• Albert Dorell

    Is it the same with the general principle of “eating smaller meals more frequently” as a method of weight loss? Perhaps the point is that it is far easier to overeat, and not realize the total amount you’re eating if you eat multiple times a day. With 2 meals or so, it’s a lot easier to keep track and eat less.

    • The simplest thing you can do is follow the diet plan. The portions are clear-cut so there’s no second guessing. If you have your own food, then make sure to just divide the food portions into several meals.
      The problem with only 2 meals per day is that you may get too hungry and overeat on your next meals.

  • Chynna Lambert

    Do you mean that it’s better to count the calories rather than monitoring the portion size of your meal? I’ve always thought that when you eat smaller portions frequently, your stomach does not get enlarged, so in the future, you feel full quicker. Thanks for this, Angie!

    • Calorie counting and portion control helps you monitor your food intake for adequate weight loss. Eating smaller amounts of food may help shrink the stomach, as many studies show,

  • Steven Schick

    The size you have per meal is just a personal preference. For me, eating lots of small meals makes it harder to keep my calories down, because for some reason it makes me want to eat more. The best way to lower your calorie intake is to count calories. Reducing portion sizes won’t help if you aren’t counting calories.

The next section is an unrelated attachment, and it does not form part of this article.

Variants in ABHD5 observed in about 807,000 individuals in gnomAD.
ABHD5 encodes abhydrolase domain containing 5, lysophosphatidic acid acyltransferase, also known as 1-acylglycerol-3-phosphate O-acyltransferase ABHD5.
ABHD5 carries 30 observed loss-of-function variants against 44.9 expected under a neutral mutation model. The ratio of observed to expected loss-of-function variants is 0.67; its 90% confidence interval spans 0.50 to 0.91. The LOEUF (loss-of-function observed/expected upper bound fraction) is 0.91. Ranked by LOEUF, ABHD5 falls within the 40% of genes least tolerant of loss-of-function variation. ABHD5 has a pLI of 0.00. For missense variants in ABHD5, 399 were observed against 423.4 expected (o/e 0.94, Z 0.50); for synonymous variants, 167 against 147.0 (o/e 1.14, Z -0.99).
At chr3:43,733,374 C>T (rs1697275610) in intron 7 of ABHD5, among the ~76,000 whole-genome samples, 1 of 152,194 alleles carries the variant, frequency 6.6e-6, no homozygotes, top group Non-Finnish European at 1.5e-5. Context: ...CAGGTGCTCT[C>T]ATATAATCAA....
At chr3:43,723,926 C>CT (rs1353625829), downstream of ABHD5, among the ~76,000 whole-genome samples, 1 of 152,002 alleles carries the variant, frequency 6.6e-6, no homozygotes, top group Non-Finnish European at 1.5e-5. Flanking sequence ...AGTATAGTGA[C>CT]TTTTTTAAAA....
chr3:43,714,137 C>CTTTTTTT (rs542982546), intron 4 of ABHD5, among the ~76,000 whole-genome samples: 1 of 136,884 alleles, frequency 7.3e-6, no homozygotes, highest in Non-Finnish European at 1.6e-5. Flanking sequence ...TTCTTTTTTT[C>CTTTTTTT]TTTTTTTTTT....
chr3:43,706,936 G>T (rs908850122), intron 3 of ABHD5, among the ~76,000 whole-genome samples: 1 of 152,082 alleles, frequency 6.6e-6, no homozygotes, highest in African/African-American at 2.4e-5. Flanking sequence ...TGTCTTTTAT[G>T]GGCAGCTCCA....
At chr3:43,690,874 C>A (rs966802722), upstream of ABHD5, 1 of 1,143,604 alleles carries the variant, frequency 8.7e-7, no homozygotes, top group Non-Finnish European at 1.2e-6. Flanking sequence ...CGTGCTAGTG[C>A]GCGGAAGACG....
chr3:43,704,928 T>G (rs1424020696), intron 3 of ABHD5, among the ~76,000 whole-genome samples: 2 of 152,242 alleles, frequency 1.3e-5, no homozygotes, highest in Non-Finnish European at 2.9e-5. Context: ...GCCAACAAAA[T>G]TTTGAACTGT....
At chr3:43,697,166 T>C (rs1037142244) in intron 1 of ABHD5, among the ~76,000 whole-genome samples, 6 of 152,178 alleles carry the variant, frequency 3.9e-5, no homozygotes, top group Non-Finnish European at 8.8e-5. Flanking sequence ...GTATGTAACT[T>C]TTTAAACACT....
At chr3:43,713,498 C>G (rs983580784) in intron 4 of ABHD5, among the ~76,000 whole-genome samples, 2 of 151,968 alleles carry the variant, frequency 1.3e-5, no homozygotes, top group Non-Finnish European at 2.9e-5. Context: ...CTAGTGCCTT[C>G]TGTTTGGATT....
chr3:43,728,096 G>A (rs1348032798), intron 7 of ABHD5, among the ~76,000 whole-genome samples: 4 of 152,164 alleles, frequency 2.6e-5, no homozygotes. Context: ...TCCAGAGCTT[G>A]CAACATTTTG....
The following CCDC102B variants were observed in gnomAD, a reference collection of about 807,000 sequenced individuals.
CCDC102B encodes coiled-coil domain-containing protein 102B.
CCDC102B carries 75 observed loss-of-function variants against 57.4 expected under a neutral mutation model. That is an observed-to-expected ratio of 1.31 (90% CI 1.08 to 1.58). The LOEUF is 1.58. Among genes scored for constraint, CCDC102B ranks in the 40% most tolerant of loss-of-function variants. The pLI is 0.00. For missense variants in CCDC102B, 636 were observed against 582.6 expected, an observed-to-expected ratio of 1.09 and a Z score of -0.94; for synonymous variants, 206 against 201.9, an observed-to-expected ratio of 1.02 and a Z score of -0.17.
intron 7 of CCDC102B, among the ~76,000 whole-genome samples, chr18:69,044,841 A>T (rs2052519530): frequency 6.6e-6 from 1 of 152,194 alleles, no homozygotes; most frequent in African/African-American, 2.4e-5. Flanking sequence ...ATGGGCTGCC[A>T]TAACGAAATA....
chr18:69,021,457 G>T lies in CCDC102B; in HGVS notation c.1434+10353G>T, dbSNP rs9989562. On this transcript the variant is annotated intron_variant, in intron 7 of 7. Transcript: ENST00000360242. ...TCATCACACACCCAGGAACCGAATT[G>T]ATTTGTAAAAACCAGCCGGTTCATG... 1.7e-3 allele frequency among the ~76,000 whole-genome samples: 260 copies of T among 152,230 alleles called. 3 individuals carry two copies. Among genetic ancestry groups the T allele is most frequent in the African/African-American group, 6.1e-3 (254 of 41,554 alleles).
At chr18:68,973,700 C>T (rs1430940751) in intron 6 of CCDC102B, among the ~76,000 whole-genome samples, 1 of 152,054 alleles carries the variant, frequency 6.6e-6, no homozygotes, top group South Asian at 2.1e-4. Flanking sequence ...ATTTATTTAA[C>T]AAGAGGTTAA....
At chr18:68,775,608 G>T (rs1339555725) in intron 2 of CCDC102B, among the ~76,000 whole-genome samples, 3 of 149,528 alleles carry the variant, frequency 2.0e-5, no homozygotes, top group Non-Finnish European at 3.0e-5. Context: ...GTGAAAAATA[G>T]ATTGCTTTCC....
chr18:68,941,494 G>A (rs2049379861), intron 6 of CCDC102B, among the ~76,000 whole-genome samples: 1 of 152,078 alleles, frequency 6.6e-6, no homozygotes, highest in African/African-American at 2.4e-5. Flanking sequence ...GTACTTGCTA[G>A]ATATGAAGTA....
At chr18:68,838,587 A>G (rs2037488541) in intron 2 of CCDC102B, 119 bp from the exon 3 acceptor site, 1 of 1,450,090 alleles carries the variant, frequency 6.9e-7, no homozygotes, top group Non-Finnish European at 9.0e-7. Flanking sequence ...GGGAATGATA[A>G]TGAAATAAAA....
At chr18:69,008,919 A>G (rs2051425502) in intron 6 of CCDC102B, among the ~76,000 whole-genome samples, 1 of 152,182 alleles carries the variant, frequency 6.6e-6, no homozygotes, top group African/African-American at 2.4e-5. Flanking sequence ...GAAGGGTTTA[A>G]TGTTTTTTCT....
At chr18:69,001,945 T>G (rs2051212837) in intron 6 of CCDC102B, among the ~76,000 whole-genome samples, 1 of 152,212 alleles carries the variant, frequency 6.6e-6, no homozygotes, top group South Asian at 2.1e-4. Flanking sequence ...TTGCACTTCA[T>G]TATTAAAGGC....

• The ideal way it would be to count calories and reduce portion size. For most of the people, eating more meals per day (smaller, of course) helps them feel full for longer and thus stops craving. However, we are wired differently and if this doesn’t help you, you should try with less meals per day in larger quantity.

  • Steven Garcia

    It was so nice to see ice cream as part of the meal plan, though I think it should become more specified. I mean, does this mean I could eat any type or flavour that I want as long as it’s in the 1 cup size or there are certain flavours that are only allowed?

  • Nicole Rodriguez

    I guess visualizing portion sizes won’t really help you know the calorie content of certain food, since the military diet cares more about the calories of the food than its sizes. How would I know if I’m still on the right track? Yes, I may be able to follow the correct portion but how about its calories? Thanks, Angie.

  • Hello Nicole and thanks for dropping by. Just a clarification, the military diet is keen on portion control, as well as calorie counting. Since most of us do step out of the house to eat and can’t carry our kitchen scales to determine portions, there are ways to visually monitor our food intake. One example is to imagine a matchbox representing a serving size of protein. It takes practice getting used to it, but with consistency, you’ll get the hang of it.
    These portion sizes have corresponding calories, so be vigilant with your food intake.

  • Hi Steven and for your question, the meal plan includes 1 cup of vanilla ice cream only. Oh, that’s about 300 calories. :o)